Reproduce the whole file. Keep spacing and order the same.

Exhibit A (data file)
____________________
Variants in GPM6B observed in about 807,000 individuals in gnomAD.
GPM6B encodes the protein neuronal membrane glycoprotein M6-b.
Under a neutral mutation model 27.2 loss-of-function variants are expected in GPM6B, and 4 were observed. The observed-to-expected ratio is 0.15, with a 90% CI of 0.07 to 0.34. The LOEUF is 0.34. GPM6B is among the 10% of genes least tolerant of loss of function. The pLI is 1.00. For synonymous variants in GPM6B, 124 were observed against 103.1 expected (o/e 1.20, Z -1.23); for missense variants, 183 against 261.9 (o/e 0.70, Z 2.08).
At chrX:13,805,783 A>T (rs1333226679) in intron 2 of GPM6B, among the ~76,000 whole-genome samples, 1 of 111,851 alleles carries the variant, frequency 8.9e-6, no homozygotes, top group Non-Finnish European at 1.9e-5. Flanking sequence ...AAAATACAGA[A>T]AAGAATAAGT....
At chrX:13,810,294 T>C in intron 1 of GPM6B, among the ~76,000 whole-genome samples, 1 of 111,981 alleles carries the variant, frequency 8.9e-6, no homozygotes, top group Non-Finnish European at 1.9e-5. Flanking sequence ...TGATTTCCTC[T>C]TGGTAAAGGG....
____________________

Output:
Variants in GPM6B observed in about 807,000 individuals in gnomAD.
GPM6B encodes the protein neuronal membrane glycoprotein M6-b.
Under a neutral mutation model 27.2 loss-of-function variants are expected in GPM6B, and 4 were observed. The observed-to-expected ratio is 0.15, with a 90% CI of 0.07 to 0.34. The LOEUF is 0.34. GPM6B is among the 10% of genes least tolerant of loss of function. The pLI is 1.00. For synonymous variants in GPM6B, 124 were observed against 103.1 expected (o/e 1.20, Z -1.23); for missense variants, 183 against 261.9 (o/e 0.70, Z 2.08).
At chrX:13,805,783 A>T (rs1333226679) in intron 2 of GPM6B, among the ~76,000 whole-genome samples, 1 of 111,851 alleles carries the variant, frequency 8.9e-6, no homozygotes, top group Non-Finnish European at 1.9e-5. Flanking sequence ...AAAATACAGA[A>T]AAGAATAAGT....
At chrX:13,810,294 T>C in intron 1 of GPM6B, among the ~76,000 whole-genome samples, 1 of 111,981 alleles carries the variant, frequency 8.9e-6, no homozygotes, top group Non-Finnish European at 1.9e-5. Flanking sequence ...TGATTTCCTC[T>C]TGGTAAAGGG....